U.S. railroads originated 1,080,769 carloads in June 2018, up 2.0 percent, or 21,098 carloads, from June 2017.

The railroads originated 1,159,973 containers and trailers, an increase of 6.3 percent, or 68,689 units, from the same month last year.

Combined U.S. carload and intermodal originations in June 2018 were 2,240,742, up 4.2 percent, or 89,787 carloads and intermodal units from June 2017.

“Rail traffic in June was consistent with a healthy economy,” said AAR Senior Vice President of Policy and Economics John T. Gray.

Gray noted it was the third consecutive month in which at least 14 categories posted increase, the the longest such streak since late 2014.

However, Gray warned that a potential trade war could bring change quickly.

Categories posting increases in traffic last included petroleum & petroleum products, up 7,411 carloads or 19.7 percent; crushed stone, sand & gravel, up 7,276 carloads or 7.1 percent; and chemicals, up 4,608 carloads or 3.7 percent.

Commodities that saw declines included coal, down 9,396 carloads or 2.7 percent; nonmetallic minerals, down 3,552 carloads or 18.8 percent; and waste & nonferrous scrap, down 618 carloads or 3.8 percent.

Excluding coal, carloads were up 30,494 carloads, or 4.3 percent, in June 2018 from June 2017. Excluding coal and grain, carloads were up 25,979 carloads, or 4.2 percent.

U.S. Freight Traffic Up 3.3% in April

May 3, 2018

Freight traffic on U.S. railroads was up 3.3 percent in April when compared to the same month a year ago the Association of American Railroads reported on Wednesday.

The railroads originated 1,051,026 carloads last month, which was 34,020 more carloads than April 2017.

AAR reported that the railroads originated 1,099,000 containers and trailers in April 2018, up 6.8 percent, or 69,630 units, from the same month last year.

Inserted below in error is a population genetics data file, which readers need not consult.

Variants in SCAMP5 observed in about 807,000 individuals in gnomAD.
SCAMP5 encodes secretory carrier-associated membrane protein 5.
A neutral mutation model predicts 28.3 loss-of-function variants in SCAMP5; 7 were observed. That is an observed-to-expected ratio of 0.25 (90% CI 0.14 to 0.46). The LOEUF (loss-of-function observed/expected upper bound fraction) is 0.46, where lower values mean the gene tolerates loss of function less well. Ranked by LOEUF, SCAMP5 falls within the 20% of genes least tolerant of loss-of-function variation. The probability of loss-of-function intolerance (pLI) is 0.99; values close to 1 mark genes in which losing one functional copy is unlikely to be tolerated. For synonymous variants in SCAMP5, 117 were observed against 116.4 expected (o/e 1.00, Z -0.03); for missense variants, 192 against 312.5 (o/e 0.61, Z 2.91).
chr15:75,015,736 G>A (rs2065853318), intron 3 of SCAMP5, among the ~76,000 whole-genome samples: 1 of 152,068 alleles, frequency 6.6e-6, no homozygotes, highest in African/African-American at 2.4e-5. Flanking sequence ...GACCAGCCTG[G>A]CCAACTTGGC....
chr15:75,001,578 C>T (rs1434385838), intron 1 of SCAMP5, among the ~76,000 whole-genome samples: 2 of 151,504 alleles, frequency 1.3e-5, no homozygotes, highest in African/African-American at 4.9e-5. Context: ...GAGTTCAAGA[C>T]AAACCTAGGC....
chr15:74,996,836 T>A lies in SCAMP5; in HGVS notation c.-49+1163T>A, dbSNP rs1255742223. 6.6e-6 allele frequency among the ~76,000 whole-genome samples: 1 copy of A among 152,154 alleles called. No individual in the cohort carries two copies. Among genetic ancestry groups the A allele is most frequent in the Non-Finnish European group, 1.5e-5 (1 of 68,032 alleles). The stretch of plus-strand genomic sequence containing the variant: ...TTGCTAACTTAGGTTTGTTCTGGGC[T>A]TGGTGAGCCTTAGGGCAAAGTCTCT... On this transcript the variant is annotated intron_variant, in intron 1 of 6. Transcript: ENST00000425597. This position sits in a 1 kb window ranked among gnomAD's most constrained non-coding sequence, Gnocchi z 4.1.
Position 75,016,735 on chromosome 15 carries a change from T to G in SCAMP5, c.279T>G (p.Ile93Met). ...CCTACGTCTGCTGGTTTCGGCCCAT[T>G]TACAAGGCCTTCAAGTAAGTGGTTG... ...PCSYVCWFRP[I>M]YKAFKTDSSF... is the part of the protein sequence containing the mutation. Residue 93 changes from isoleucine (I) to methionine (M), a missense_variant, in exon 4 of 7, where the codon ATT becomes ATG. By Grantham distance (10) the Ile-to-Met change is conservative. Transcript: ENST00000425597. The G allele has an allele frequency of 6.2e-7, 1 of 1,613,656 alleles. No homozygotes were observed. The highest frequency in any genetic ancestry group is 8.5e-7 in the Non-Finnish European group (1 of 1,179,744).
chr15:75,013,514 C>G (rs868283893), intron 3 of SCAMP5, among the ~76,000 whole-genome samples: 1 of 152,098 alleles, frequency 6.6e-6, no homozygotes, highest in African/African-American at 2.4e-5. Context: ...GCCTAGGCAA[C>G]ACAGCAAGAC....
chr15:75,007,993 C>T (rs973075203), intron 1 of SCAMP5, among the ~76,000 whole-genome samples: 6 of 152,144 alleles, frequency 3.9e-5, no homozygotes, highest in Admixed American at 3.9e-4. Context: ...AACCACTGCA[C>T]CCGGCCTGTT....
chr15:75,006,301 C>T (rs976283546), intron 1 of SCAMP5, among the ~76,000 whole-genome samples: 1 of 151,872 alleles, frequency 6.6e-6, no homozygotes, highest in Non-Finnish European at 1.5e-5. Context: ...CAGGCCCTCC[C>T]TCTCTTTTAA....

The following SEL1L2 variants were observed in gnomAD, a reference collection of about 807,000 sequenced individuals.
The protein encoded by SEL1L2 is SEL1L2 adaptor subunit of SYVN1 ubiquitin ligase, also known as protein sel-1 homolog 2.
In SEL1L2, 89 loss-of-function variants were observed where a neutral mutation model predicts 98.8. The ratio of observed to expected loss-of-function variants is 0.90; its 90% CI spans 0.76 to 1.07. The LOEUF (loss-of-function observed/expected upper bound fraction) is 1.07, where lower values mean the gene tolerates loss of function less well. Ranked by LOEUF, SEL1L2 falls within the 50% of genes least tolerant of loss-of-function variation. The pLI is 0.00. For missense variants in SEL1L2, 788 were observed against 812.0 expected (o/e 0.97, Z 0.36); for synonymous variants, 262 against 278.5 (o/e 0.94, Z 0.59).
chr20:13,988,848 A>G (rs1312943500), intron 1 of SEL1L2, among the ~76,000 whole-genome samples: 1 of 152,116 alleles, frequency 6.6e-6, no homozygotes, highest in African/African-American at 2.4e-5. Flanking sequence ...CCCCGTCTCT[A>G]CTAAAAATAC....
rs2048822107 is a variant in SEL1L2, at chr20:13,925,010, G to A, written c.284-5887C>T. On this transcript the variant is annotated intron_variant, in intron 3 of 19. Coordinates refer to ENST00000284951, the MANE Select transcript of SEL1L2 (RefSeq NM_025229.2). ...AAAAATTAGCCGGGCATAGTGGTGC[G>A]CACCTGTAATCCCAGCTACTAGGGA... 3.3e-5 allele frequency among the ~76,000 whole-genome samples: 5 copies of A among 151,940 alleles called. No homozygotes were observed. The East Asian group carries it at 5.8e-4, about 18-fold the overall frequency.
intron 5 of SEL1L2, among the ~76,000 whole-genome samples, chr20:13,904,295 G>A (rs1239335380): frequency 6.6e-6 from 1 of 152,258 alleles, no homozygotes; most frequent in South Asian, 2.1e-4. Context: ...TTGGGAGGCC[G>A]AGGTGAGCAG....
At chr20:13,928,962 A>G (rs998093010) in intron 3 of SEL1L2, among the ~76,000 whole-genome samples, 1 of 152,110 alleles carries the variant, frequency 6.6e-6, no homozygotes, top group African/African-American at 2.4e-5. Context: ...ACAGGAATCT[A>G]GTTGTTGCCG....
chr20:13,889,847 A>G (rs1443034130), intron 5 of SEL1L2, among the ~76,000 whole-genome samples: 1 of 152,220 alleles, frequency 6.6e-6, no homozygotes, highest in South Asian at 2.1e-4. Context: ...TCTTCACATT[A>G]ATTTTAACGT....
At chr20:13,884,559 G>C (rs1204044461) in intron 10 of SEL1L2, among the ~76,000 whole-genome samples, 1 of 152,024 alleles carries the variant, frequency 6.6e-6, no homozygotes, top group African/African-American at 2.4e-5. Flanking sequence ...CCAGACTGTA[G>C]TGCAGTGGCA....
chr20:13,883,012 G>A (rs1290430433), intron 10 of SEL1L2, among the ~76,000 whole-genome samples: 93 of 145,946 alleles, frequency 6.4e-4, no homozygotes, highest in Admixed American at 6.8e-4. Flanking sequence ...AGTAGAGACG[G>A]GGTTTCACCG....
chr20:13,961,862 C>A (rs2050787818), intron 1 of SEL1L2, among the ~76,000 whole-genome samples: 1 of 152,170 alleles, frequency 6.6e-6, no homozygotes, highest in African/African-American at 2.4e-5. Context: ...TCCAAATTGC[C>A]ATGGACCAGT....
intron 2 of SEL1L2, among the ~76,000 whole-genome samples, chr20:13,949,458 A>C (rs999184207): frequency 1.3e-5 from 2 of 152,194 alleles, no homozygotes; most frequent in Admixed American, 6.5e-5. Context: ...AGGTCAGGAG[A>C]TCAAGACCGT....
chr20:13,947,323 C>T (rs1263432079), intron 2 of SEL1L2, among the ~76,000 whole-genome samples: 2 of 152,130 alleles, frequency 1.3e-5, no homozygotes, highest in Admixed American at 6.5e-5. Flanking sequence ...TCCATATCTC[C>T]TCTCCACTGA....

Combined U.S. carload and intermodal originations in April 2018 were 2,150,026, up 5.1 percent, or 103,650 carloads and intermodal units from April 2017.

“Total U.S. rail traffic so far this year is a shade below where it was in 2015, but otherwise is higher than it’s been in the last 10 years,” said AAR Senior Vice President John T. Gray in a statement.

“Additionally, 15 of the 20 commodity categories we track had higher carloads in April 2018 than in April 2017, the most since January 2015. That’s good news for railroads and good news for the economy.”

Fifteen of the 20 carload commodity categories tracked by the AAR each month saw gains compared with April 2017.

These included crushed stone, sand and gravel, up 8,466 carloads or 8.6 percent; coal, up 7,337 carloads or 2.4 percent; and grain, up 5,305 carloads or 5.7 percent.

Commodities that saw declines in April 2018 from April 2017 included nonmetallic minerals, down 2,513 carloads or 13 percent; waste and nonferrous scrap, down 1,056 carloads or 7.1 percent; and primary forest products, down 651 carloads or 14.6 percent.

Excluding coal, carloads were up 26,683 carloads, or 3.8 percent, in April 2018 from April 2017. Excluding coal and grain, carloads were up 21,378 carloads, or 3.5 percent.